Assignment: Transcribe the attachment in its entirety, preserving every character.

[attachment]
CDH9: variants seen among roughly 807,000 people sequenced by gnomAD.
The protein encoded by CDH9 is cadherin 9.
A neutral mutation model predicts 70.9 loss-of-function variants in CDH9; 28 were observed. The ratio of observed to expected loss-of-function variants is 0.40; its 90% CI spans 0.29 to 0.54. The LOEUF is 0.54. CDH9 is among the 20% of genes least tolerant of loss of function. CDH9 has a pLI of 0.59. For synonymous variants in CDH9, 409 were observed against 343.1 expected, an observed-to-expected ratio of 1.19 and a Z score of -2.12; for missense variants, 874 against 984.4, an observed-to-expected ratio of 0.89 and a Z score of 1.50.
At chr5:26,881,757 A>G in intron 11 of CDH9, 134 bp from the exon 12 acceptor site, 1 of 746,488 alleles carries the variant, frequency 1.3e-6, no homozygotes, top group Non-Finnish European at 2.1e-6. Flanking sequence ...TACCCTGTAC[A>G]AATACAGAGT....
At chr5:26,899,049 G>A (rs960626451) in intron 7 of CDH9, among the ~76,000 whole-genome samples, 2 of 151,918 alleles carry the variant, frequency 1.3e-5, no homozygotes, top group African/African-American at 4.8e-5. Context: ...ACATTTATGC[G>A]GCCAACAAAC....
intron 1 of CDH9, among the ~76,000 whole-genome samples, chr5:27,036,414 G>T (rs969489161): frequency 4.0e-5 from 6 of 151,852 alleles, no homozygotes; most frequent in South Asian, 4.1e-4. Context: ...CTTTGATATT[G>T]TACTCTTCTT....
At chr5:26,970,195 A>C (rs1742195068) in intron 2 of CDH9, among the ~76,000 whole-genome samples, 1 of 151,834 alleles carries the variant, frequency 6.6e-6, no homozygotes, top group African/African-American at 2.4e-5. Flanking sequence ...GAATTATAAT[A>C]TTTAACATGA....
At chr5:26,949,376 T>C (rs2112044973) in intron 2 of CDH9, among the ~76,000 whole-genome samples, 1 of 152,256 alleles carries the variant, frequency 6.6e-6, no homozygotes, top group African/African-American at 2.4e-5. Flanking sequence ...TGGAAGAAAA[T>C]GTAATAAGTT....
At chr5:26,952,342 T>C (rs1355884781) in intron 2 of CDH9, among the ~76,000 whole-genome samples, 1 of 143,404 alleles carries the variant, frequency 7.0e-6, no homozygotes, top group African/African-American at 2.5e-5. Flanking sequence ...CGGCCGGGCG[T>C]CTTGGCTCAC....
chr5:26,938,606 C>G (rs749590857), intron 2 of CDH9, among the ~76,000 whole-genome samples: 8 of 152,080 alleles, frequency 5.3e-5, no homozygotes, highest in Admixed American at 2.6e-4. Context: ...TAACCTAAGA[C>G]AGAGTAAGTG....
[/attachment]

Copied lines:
CDH9: variants seen among roughly 807,000 people sequenced by gnomAD.
The protein encoded by CDH9 is cadherin 9.
A neutral mutation model predicts 70.9 loss-of-function variants in CDH9; 28 were observed. The ratio of observed to expected loss-of-function variants is 0.40; its 90% CI spans 0.29 to 0.54. The LOEUF is 0.54. CDH9 is among the 20% of genes least tolerant of loss of function. CDH9 has a pLI of 0.59. For synonymous variants in CDH9, 409 were observed against 343.1 expected, an observed-to-expected ratio of 1.19 and a Z score of -2.12; for missense variants, 874 against 984.4, an observed-to-expected ratio of 0.89 and a Z score of 1.50.
At chr5:26,881,757 A>G in intron 11 of CDH9, 134 bp from the exon 12 acceptor site, 1 of 746,488 alleles carries the variant, frequency 1.3e-6, no homozygotes, top group Non-Finnish European at 2.1e-6. Flanking sequence ...TACCCTGTAC[A>G]AATACAGAGT....
At chr5:26,899,049 G>A (rs960626451) in intron 7 of CDH9, among the ~76,000 whole-genome samples, 2 of 151,918 alleles carry the variant, frequency 1.3e-5, no homozygotes, top group African/African-American at 4.8e-5. Context: ...ACATTTATGC[G>A]GCCAACAAAC....
intron 1 of CDH9, among the ~76,000 whole-genome samples, chr5:27,036,414 G>T (rs969489161): frequency 4.0e-5 from 6 of 151,852 alleles, no homozygotes; most frequent in South Asian, 4.1e-4. Context: ...CTTTGATATT[G>T]TACTCTTCTT....
At chr5:26,970,195 A>C (rs1742195068) in intron 2 of CDH9, among the ~76,000 whole-genome samples, 1 of 151,834 alleles carries the variant, frequency 6.6e-6, no homozygotes, top group African/African-American at 2.4e-5. Flanking sequence ...GAATTATAAT[A>C]TTTAACATGA....
At chr5:26,949,376 T>C (rs2112044973) in intron 2 of CDH9, among the ~76,000 whole-genome samples, 1 of 152,256 alleles carries the variant, frequency 6.6e-6, no homozygotes, top group African/African-American at 2.4e-5. Flanking sequence ...TGGAAGAAAA[T>C]GTAATAAGTT....
At chr5:26,952,342 T>C (rs1355884781) in intron 2 of CDH9, among the ~76,000 whole-genome samples, 1 of 143,404 alleles carries the variant, frequency 7.0e-6, no homozygotes, top group African/African-American at 2.5e-5. Flanking sequence ...CGGCCGGGCG[T>C]CTTGGCTCAC....
chr5:26,938,606 C>G (rs749590857), intron 2 of CDH9, among the ~76,000 whole-genome samples: 8 of 152,080 alleles, frequency 5.3e-5, no homozygotes, highest in Admixed American at 2.6e-4. Context: ...TAACCTAAGA[C>G]AGAGTAAGTG....